State Department of Mining Principal Secretary John Omenge has called for more training of public sector professionals in order to unravel the underlying mining potential in the country.
Omenge pointed out that the authorities in charge of the public sector need to up their negotiation skills in order to enable the country get maximum benefits from natural resources.
“Through training of professionals, they will be able to come up with policies and draft of agreements that will put Kenya at vantage point in getting the real value of its minerals while engaging with foreign investors commercially,” he affirmed.
Speaking during the kick off of a two day Extractive Industries Training for Public Sector organized by East African Development Bank Friday, the PS said that EADB bank is carrying out training for professionals where they will exchange skills on how they can put minerals into full utility to achieve more value.
“This event has been graced by senior government officials across East Africa, thus a good avenue to exchange ideas for the betterment of our respective countries,” Omenge noted.
National Treasury and Planning Principal Secretary Julius Muia argued that for the country to get full benefits from its minerals, we need to do a lot in improving human capital.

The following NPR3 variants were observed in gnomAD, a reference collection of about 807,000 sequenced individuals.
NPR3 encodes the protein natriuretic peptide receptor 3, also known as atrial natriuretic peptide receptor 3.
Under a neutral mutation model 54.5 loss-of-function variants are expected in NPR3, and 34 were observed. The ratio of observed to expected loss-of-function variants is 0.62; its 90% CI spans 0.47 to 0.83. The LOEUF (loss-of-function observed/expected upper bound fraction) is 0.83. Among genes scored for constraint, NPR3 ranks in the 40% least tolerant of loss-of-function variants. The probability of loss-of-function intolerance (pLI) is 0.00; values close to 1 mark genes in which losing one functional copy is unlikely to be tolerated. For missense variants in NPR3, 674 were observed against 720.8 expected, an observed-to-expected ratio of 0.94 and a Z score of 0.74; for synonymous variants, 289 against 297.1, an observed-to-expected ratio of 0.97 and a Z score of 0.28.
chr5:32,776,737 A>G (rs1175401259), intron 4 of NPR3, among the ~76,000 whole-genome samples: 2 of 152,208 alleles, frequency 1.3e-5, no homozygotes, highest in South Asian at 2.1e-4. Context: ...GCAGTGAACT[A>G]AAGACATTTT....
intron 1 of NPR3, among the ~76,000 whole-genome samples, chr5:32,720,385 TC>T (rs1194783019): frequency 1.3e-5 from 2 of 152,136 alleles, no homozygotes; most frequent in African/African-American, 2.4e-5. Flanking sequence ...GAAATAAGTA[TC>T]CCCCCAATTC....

“We should focus more in building competency in mining by instituting an intensive capacity building program in our country,” Muia highlighted.
He noted that over the past years, we have done badly in drafting lopsided policies and agreement pacts with foreign investors on mining, thus impacting negatively on revenues.
The training, he said, will empower the professionals to come up with extractive policy and agreements that will enable the country get good compensation on its minerals.
“Refining our negotiation skills will enable us create more employment and cement our gains in the extractive industry,” the PS reiterated.
East Africa Developmental Bank Director General, Vivienne Yeda observed that East Africa has been losing most of its wealth from extraction of minerals.
“This calls for training of the public sector professionals in development of legal and policy frameworks that will be pivotal in ensuring the respective members get good bargains from their minerals,” Yeda emphasized.
She underscored the need for government to continuously engage in improving agreements on mining, but faulted the public sector’s inadequacy in preparedness, knowledge and strategies, which she said had cost countries greatly during negotiation processes.
Yeda advised countries to familiarize themselves with foreign laws on mining so that the drafted agreements become accommodative and responsive to current needs.
The two day extractive workshop that has brought senior government officials from the East Africa region will offer capacity building on better ways of negotiating contracts pertaining to natural resource management in the extractive industries
By Peter Ochol and Joy Nzula